George VanArsdale
15th New York Cavalry
Early October, 1863
Washington, D.C.

The train rolled inexorably towards the Capital. Some boys, who were able to see the sights, called out information for the boys who could not see. "Big fort over on this side!"

"One over on this side, too!"

"Lookit those big guns!"

"That is some heavy artillery!"

"We must be gettin' close!"

The train rolled past infantrymen stationed along the rails. Some boys shouted greetings to the infantrymen. "Hello!" and "Never fear! Now we are here!" There was some nervous laughter at that.

Shortly after, the train entered urban streets. One boy with a view spotted a woman, and waved vigorously at her. "Hello!" But he was disappointed. He opined, "She did not seem excited that we have come to save her."

Someone said, "There's an Army camp there. Right in the middle of the city!"

"Army wagons. Caissons. The whole city is like an Army base!"

"Look! Zouaves!" A whistle. "Those are right colorful uniforms!"

And then, "Look! There is the Capitol dome!" And before long, the train began to slow.

George expected to hear a band playing, to welcome the arrival of the heroes who would save the Union, but there was no music. Just a lot of squealing of iron wheels, and clanking of cars bumping closer, the train compressing as it came to a halt. The car doors were opened and the men stood, their joints creaky after the long ride.

On the ground, men jostled one another, moving towards the road and craning their necks. "Which way is the Capitol?"

"Over there!"

"Where is the White House?"

One of the veterans said, "Just over that way."

George saw that the black porters and the civilian travelers waiting for a train seemed bored by the arrival of the cavalrymen. "Guess they get a lot of soldiers comin' in."

Hez agreed. "Seems so."

The men were formed for a march, and without any speeches or fuss, the men simply started walking. The battalion tried not to disrupt normal traffic, but a disruption they were. There were no horns to honk; instead, there was shouting. Some drivers shouted angrily about the blockage of traffic. After a few shouts of various sorts from the cavalrymen, orders went down the line to withhold all vocalizations, although not in so many words. Finally the battalion gave up trying not to be disruptive; all efforts had just made the civilian shouting worse. Best to just march straight on ahead, and let the civilians deal with it.

George got a good look at the Capitol dome. Even though he wasn't that close, he could see that it was an impressive structure, bright and new. On the sidewalks there were soldiers, sailors, black people, men in frock coats and top hats, women in wide colorful skirts. Horse-drawn vehicles of numerous types, civilian and military. George saw a black man with a handcart, stepping into the street in traffic gaps to remove horse droppings; surely a dirty job and a dangerous one. George wondered briefly if his life was that much better than a slave's. George saw a fat bewhiskered white man in a tall black stovepipe hat ride by in a carriage chauffeured by a black driver.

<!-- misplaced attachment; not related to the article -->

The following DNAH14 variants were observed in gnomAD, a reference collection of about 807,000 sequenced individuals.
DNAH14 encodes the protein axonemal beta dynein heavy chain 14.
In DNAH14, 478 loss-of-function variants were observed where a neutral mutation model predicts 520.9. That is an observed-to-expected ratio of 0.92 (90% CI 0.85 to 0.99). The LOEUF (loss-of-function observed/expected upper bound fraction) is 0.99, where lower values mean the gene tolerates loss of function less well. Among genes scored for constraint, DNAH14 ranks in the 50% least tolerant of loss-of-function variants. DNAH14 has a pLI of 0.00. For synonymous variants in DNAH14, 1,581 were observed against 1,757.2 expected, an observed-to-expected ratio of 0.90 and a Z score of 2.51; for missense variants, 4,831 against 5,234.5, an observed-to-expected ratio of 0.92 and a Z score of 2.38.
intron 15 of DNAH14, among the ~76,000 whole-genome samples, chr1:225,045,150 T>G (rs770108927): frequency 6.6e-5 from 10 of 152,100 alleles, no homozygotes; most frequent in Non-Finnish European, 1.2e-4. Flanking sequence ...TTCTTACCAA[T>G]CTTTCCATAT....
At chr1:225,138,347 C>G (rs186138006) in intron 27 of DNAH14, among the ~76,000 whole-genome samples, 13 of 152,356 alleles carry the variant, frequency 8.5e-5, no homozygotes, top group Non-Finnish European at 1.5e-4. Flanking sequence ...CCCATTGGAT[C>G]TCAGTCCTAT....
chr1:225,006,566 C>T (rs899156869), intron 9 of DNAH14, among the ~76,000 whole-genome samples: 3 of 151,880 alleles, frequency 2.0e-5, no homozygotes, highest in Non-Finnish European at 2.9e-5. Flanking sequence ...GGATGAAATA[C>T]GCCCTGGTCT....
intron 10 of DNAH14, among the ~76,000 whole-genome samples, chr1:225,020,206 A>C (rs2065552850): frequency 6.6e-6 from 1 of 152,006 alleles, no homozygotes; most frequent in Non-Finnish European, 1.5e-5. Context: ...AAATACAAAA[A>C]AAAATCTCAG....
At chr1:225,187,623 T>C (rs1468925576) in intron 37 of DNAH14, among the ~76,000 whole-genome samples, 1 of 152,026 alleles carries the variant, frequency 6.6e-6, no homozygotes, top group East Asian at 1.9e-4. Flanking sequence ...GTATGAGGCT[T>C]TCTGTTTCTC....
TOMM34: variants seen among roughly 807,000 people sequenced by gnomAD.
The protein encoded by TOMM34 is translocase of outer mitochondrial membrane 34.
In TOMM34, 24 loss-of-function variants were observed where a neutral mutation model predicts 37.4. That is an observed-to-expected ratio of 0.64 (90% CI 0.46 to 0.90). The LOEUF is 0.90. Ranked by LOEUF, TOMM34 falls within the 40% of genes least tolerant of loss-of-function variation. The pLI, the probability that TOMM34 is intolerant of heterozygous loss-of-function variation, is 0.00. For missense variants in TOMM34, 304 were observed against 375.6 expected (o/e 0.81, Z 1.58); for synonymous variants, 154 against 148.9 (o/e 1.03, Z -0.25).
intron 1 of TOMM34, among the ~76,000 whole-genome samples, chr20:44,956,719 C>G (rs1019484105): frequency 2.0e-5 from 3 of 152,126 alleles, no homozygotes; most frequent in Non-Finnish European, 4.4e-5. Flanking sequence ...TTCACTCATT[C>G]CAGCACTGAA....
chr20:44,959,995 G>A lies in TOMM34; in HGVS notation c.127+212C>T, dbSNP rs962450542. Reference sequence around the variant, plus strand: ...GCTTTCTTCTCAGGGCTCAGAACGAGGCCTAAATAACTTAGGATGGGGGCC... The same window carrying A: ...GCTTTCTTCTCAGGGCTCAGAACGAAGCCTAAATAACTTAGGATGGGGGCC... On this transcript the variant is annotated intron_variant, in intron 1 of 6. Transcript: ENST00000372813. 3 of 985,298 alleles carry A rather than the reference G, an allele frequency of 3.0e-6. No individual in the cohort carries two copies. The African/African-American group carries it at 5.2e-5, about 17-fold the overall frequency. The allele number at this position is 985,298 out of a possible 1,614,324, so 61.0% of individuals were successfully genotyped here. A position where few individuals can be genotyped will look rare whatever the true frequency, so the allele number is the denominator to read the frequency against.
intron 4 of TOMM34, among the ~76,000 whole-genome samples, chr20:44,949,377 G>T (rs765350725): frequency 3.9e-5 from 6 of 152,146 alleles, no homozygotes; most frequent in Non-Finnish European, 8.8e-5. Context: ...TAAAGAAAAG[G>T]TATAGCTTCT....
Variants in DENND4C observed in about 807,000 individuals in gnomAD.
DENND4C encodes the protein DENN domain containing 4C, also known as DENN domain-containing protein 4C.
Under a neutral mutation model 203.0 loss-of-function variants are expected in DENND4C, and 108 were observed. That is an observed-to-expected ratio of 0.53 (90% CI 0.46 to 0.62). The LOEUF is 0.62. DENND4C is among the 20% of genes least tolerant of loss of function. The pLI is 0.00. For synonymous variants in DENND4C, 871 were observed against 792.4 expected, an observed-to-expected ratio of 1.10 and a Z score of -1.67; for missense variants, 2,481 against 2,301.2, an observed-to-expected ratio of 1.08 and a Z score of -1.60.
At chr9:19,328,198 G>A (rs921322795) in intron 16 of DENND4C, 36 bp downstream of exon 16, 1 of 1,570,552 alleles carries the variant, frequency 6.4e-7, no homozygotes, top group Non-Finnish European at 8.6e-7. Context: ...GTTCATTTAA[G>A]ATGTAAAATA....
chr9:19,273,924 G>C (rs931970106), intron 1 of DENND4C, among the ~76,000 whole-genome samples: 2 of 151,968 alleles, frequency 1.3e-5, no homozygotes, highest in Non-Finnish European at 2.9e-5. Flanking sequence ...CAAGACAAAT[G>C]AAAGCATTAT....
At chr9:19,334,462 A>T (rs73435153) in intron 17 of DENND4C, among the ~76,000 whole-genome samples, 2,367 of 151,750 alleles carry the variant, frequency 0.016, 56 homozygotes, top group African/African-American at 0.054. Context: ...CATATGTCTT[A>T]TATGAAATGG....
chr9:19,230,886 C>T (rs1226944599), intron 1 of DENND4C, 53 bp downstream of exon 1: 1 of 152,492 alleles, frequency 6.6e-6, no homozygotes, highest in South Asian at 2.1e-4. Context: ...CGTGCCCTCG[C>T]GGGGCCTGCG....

After a while, the column entered a wide thoroughfare. Information and rumors passed along the line of march, "This is Pennsylvania Avenue."

"This is the street where the White House is."

"We gonna pass by it?"

"Naw, it's back the other way."

A horse-drawn streetcar went by. George looked curiously at the passengers. He saw black people and white people both. Male, female, young, old. Civilian and military. Right afterwards, another streetcar passed, going the opposite direction. And again, a democratic mix of races, genders, and professions on the car.

The column turned at an intersection. Several horse-drawn artillery limbers passed by, going the same direction. The cavalrymen had to squeeze over to the side.

"What street we on now?"

"Eleventh Street."

The column went on a ways, then came to a bridge. Up ahead, beyond the bridge, could be seen a fort on a hill. Infantrymen, armed with rifles, guarded the bridge, watching the passing column with bored looks.

Boys curiously asked what fort that was up ahead, and word passed back along the column. "That's Fort Stanton."

The road forked, and the column took the right fork. The column passed by a few more residential streets, then entered the countryside. Then a handsome brick building could be seen to the right.

There were several Army ambulances parked there, and many soldiers. There were also tents on the lawn. George's ears perked up when he heard someone pass the information down the line, "That's the Lunatic Asylum."

George asked, "Really? There are such places?"

Hez replied, "What do you mean?"

"I mean, places where they take care of the insane?"

Hez shrugged. "I s'pose."

"You s'pose all those soldiers there are insane?"

"Look more like wounded, to me." Hez looked curiously upon George's great interest in the place.

Not long after, the column entered bustling Camp Stoneman. Army tents, horse corrals, stables, all manner of buildings. Beyond could be seen the wide Potomac. Somebody said, "That's Virginia over yonder!"

George craned his neck. Virginia! That meant he had really arrived. He stood on the very lip of the crucible of war. And now that he was here, no matter how carefully he trod, he was bound to fall right into it.

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© 2019 Tom Sloper. All rights reserved. May not be re-published without written permission of the author.